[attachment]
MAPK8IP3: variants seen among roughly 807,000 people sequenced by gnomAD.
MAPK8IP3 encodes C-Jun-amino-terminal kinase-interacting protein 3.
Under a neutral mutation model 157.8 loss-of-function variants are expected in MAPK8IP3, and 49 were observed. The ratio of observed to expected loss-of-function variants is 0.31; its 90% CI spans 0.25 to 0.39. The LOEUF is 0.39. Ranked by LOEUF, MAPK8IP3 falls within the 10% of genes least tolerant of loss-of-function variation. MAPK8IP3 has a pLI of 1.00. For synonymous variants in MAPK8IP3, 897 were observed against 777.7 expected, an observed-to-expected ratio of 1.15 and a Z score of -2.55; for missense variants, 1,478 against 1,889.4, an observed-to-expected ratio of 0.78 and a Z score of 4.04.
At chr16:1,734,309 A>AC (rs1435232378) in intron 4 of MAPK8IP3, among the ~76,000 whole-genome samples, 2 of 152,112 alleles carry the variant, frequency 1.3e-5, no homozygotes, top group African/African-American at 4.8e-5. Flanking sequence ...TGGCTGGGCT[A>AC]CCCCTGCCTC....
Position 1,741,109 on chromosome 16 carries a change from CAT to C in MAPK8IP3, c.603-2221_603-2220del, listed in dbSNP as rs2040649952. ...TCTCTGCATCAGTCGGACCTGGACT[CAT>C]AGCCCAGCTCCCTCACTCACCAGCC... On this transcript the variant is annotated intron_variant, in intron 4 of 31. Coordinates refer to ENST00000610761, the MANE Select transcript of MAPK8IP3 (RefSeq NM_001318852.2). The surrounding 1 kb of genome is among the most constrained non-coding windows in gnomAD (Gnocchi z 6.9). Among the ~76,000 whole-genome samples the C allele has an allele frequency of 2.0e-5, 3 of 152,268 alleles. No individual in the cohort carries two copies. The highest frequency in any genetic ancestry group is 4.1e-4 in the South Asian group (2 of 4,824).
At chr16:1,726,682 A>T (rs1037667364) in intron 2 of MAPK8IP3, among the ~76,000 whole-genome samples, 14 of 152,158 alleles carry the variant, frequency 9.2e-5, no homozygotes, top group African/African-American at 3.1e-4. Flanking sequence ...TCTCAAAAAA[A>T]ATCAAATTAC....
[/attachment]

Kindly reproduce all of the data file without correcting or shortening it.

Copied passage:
MAPK8IP3: variants seen among roughly 807,000 people sequenced by gnomAD.
MAPK8IP3 encodes C-Jun-amino-terminal kinase-interacting protein 3.
Under a neutral mutation model 157.8 loss-of-function variants are expected in MAPK8IP3, and 49 were observed. The ratio of observed to expected loss-of-function variants is 0.31; its 90% CI spans 0.25 to 0.39. The LOEUF is 0.39. Ranked by LOEUF, MAPK8IP3 falls within the 10% of genes least tolerant of loss-of-function variation. MAPK8IP3 has a pLI of 1.00. For synonymous variants in MAPK8IP3, 897 were observed against 777.7 expected, an observed-to-expected ratio of 1.15 and a Z score of -2.55; for missense variants, 1,478 against 1,889.4, an observed-to-expected ratio of 0.78 and a Z score of 4.04.
At chr16:1,734,309 A>AC (rs1435232378) in intron 4 of MAPK8IP3, among the ~76,000 whole-genome samples, 2 of 152,112 alleles carry the variant, frequency 1.3e-5, no homozygotes, top group African/African-American at 4.8e-5. Flanking sequence ...TGGCTGGGCT[A>AC]CCCCTGCCTC....
Position 1,741,109 on chromosome 16 carries a change from CAT to C in MAPK8IP3, c.603-2221_603-2220del, listed in dbSNP as rs2040649952. ...TCTCTGCATCAGTCGGACCTGGACT[CAT>C]AGCCCAGCTCCCTCACTCACCAGCC... On this transcript the variant is annotated intron_variant, in intron 4 of 31. Coordinates refer to ENST00000610761, the MANE Select transcript of MAPK8IP3 (RefSeq NM_001318852.2). The surrounding 1 kb of genome is among the most constrained non-coding windows in gnomAD (Gnocchi z 6.9). Among the ~76,000 whole-genome samples the C allele has an allele frequency of 2.0e-5, 3 of 152,268 alleles. No individual in the cohort carries two copies. The highest frequency in any genetic ancestry group is 4.1e-4 in the South Asian group (2 of 4,824).
At chr16:1,726,682 A>T (rs1037667364) in intron 2 of MAPK8IP3, among the ~76,000 whole-genome samples, 14 of 152,158 alleles carry the variant, frequency 9.2e-5, no homozygotes, top group African/African-American at 3.1e-4. Flanking sequence ...TCTCAAAAAA[A>T]ATCAAATTAC....